Sex After Bladder Cancer – Healthy Women



Medically reviewed. Andrea Apolo

After that bladder cancer In treatment, a woman is often left struggling. She looks at her new body in the mirror, maybe urostomy bag She is hooked and worried that she is no longer sexy and that her sex life will never be the same.

But there is hope for him – and all bladder cancer patients. A healthy, satisfying sex life is possible after bladder cancer treatment.

Stages and treatment

Non-muscle invasive bladder cancer (NMIBC) It occurs in the bladder lining and is the most common stage of bladder cancer in the United States. NMIBC treatment usually involves scraping the tumor from the bladder wall and, in some cases, placing the drug directly into the bladder. In rare cases, the bladder may need to be removed. cystectomy. D., a urological oncologist at Johns Hopkins Medicine in Baltimore. “We can remove the patient’s bladder if the type of tumor is an extremely aggressive subtype or if conservative approaches fail,” Armine Smith said in an email.

advanced bladder cancer, muscle-invasive bladder cancer (MIBC)Occurs when cancer has spread to the muscles of the bladder wall. The traditional treatment for MIBC is a radical cystectomy, which is the removal of nearby organs, including the bladder and uterus, fallopian tubes, ovaries, and part of the vagina, following chemotherapy. After surgery, doctors create a new pathway for urine to leave the body. This is a stoma – an opening in the abdomen. A patient may also have a urostomy bag – a pouch that collects urine outside of the body.

a new body

With both NMIBC and MIBC, patients may experience bodily changes that affect their sex life. “Any type of bladder treatment … can affect urinary function and cause pelvic pain, which can affect a woman’s sex life,” Smith wrote. “These changes can be temporary or permanent.” Patients can also side effects vaginal dryness, decreased sex drive and fear of contaminating partners with drugs and having a radical cystectomy will all lead to menopause if the woman is not postmenopausal.

“Removing the genitals can cause menopausal symptoms because you’re removing organs that produce hormones that help with many sexual functions, such as lubrication,” she said. Andrea ApoloD., a medical oncologist at the National Cancer Institute in Bethesda, Maryland. Women with this lack of natural lubrication can use store-bought lubricants or vaginal hormones when it is possible.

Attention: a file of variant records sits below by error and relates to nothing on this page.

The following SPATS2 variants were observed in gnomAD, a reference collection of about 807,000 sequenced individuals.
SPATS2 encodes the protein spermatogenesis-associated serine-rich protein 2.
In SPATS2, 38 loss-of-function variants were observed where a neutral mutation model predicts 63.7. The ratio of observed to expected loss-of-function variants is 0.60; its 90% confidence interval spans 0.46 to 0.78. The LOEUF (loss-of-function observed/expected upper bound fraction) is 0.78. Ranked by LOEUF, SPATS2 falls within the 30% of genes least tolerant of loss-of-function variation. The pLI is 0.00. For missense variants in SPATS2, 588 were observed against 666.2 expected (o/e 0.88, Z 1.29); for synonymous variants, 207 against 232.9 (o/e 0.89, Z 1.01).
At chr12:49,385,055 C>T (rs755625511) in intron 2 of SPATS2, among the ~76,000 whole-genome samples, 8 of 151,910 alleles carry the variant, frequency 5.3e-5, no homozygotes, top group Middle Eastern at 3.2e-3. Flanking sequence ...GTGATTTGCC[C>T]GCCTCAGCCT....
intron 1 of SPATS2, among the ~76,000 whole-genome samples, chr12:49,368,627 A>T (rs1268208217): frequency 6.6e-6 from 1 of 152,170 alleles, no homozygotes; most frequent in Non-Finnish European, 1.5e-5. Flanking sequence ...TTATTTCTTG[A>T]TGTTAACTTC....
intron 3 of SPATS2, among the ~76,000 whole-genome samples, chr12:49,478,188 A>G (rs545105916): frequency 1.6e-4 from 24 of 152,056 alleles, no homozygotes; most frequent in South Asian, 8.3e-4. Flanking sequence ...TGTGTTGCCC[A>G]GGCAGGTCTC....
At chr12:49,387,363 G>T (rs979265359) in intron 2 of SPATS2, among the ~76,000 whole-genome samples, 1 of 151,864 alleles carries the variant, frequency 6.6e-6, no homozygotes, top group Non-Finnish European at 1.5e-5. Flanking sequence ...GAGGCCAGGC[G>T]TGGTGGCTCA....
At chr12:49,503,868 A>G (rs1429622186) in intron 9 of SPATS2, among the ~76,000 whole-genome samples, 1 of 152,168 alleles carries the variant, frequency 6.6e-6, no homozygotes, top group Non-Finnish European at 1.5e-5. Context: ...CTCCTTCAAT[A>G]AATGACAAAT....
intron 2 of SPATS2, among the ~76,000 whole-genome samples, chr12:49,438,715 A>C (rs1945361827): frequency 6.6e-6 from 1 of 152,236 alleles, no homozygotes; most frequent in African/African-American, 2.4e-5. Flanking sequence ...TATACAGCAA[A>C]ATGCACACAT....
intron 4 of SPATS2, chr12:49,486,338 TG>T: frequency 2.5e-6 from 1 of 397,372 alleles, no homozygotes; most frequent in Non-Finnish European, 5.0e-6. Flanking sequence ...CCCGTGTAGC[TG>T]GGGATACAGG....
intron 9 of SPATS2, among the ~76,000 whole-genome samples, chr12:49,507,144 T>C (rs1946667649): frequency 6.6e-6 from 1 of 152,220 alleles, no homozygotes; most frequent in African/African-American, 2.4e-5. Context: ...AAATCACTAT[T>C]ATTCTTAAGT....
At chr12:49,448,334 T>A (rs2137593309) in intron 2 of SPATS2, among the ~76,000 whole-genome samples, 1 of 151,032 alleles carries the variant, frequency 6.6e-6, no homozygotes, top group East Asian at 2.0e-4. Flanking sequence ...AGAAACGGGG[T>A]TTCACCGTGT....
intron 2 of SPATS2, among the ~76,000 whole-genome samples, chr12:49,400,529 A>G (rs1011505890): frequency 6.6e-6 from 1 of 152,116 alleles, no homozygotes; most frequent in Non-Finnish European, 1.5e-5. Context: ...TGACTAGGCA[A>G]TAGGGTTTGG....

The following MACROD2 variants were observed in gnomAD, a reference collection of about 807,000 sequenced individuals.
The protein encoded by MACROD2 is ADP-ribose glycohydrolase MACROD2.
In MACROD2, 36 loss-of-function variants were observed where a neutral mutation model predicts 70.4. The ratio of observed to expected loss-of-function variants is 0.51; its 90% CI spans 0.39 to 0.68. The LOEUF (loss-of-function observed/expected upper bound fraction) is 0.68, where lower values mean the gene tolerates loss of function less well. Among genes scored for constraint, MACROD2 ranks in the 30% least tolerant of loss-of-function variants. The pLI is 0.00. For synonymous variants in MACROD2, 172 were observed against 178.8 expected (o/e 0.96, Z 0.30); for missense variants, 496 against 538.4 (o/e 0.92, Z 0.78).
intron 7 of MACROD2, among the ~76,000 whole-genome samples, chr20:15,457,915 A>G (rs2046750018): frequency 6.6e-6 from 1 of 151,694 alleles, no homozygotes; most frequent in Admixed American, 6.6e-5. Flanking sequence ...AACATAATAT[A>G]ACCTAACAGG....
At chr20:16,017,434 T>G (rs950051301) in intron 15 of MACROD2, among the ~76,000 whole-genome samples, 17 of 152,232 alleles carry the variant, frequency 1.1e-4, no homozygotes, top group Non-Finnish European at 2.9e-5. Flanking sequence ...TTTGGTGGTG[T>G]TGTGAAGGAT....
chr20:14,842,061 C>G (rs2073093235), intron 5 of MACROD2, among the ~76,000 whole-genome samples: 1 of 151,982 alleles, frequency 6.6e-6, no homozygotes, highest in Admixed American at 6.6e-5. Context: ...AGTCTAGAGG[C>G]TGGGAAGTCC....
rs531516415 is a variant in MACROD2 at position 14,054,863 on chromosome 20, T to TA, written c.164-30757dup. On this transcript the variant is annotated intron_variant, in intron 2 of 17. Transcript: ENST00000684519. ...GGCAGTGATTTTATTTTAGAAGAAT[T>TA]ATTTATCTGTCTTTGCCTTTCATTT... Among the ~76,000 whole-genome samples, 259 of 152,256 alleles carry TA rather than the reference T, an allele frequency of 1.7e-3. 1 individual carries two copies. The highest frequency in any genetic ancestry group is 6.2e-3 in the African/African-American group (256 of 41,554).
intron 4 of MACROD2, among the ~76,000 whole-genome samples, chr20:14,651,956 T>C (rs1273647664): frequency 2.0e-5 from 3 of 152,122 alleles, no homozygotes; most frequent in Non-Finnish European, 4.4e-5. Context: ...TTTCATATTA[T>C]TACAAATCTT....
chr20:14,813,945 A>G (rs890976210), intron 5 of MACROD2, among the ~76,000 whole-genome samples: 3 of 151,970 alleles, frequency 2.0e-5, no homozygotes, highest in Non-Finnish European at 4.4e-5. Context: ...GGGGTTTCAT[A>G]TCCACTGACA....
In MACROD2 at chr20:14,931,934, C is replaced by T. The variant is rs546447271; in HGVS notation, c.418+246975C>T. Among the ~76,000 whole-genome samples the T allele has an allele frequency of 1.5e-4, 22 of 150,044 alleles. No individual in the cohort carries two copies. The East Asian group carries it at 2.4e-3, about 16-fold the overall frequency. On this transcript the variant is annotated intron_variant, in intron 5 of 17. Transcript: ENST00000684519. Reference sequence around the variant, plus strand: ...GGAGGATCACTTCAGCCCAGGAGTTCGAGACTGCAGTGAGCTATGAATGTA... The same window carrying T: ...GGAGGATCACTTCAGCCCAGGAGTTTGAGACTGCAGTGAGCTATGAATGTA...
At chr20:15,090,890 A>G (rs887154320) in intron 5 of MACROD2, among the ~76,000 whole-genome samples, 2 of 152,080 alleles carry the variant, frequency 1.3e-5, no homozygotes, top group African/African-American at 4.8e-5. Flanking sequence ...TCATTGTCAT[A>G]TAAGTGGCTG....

“We want to make the vagina feel happy again after such an operation. “Vaginal hormones can help the vagina feel more flexible and tight,” she said. Doctor Heather Bartosan OB-GYN and HealthyWomen’s member Women’s Health Advisory Council.

A radical cystectomy can shorten the vagina, causing painful intercourse and penetration. Solutions include: vaginal dilators — plastic, cone-shaped objects used to stretch the vagina — and vaginal reconstructiona surgical procedure that lengthens the vagina.

pelvic exercises, for example barrelsIt may also help after cystectomy. Working with a physical therapist can also help. “A pelvic floor physiotherapist it can help relieve muscle tension there and release any scar tissue,” Bartos said.

nerve damage It can also occur during cystectomy. Nerve bundles inside the vagina may be damaged and the clitoris may lose sensitivity if the tip of the urethra is removed. Patients should talk to their doctor about preserving these areas before surgery.

emotional impact

“Whenever there is cancer in the pelvic organs and a woman has to have all these organs removed, there is a lot of emotional trauma,” Bartos said. Apolo explained this as patients’ need to adapt to what he calls a “new state of being.” According to Smith, women face many problems when diagnosed with bladder cancer. These problems can include depression and anxiety, which can turn into decreased sexual desire or satisfaction. Some of these problems may be due to the emotional burden of diagnosis or treatment, while others may be due to physical changes resulting from treatment.